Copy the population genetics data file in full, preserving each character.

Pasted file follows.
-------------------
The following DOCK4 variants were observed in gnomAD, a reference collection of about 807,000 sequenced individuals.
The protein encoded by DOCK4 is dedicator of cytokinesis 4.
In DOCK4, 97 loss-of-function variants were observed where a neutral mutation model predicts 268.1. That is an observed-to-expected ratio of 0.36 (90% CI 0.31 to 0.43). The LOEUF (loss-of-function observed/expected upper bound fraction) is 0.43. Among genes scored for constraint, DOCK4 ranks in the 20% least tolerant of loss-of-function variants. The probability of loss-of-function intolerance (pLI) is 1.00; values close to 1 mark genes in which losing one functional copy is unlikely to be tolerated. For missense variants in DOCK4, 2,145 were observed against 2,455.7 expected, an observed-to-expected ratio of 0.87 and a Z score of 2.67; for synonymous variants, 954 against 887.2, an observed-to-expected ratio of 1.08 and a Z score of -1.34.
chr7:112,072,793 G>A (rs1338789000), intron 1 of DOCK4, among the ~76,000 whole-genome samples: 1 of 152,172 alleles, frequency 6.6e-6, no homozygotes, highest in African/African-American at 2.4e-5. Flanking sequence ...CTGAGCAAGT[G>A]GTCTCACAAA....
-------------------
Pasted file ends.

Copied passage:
The following DOCK4 variants were observed in gnomAD, a reference collection of about 807,000 sequenced individuals.
The protein encoded by DOCK4 is dedicator of cytokinesis 4.
In DOCK4, 97 loss-of-function variants were observed where a neutral mutation model predicts 268.1. That is an observed-to-expected ratio of 0.36 (90% CI 0.31 to 0.43). The LOEUF (loss-of-function observed/expected upper bound fraction) is 0.43. Among genes scored for constraint, DOCK4 ranks in the 20% least tolerant of loss-of-function variants. The probability of loss-of-function intolerance (pLI) is 1.00; values close to 1 mark genes in which losing one functional copy is unlikely to be tolerated. For missense variants in DOCK4, 2,145 were observed against 2,455.7 expected, an observed-to-expected ratio of 0.87 and a Z score of 2.67; for synonymous variants, 954 against 887.2, an observed-to-expected ratio of 1.08 and a Z score of -1.34.
chr7:112,072,793 G>A (rs1338789000), intron 1 of DOCK4, among the ~76,000 whole-genome samples: 1 of 152,172 alleles, frequency 6.6e-6, no homozygotes, highest in African/African-American at 2.4e-5. Flanking sequence ...CTGAGCAAGT[G>A]GTCTCACAAA....